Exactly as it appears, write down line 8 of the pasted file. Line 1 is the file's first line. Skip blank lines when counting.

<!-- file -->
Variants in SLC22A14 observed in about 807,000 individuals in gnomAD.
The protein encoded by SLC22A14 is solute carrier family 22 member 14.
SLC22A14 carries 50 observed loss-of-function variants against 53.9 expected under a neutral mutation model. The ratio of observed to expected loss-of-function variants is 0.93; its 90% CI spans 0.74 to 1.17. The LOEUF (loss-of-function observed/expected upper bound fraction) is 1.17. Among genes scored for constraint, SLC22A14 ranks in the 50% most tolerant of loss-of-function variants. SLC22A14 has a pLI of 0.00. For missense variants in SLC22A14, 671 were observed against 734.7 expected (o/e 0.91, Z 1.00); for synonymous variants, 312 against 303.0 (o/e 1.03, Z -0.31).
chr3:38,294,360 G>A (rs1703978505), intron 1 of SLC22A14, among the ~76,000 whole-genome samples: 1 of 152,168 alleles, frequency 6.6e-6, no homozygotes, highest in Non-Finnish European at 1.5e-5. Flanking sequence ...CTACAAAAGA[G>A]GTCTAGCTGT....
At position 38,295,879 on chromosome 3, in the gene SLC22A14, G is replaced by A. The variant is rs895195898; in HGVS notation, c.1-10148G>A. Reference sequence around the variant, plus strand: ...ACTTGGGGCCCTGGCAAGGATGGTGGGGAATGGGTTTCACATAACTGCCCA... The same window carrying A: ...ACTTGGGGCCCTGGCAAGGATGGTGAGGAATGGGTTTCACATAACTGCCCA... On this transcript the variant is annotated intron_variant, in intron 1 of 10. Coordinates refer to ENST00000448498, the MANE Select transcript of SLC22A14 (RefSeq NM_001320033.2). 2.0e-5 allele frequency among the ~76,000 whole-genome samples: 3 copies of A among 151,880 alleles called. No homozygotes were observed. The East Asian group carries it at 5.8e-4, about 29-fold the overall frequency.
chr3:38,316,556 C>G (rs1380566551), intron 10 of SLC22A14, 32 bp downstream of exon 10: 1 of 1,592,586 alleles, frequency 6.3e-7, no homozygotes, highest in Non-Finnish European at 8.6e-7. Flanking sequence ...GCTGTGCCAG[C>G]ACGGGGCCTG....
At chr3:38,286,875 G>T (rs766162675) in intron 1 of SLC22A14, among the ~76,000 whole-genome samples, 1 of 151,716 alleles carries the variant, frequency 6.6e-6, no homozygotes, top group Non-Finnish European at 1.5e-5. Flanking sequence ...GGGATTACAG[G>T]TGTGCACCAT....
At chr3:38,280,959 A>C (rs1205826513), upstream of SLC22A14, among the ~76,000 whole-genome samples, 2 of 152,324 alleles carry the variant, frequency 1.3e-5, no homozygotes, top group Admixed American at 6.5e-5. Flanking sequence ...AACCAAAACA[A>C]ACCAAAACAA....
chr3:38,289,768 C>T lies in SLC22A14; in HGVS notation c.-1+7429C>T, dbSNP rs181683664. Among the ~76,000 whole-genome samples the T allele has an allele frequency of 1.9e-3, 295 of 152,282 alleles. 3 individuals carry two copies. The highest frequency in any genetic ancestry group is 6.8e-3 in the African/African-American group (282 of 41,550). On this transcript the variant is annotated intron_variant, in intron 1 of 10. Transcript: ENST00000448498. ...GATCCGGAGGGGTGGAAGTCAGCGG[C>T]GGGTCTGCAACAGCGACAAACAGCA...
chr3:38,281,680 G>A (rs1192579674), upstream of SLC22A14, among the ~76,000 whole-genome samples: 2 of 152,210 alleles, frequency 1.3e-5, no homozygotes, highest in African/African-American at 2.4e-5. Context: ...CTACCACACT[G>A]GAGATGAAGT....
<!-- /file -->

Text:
At chr3:38,280,959 A>C (rs1205826513), upstream of SLC22A14, among the ~76,000 whole-genome samples, 2 of 152,324 alleles carry the variant, frequency 1.3e-5, no homozygotes, top group Admixed American at 6.5e-5. Flanking sequence ...AACCAAAACA[A>C]ACCAAAACAA....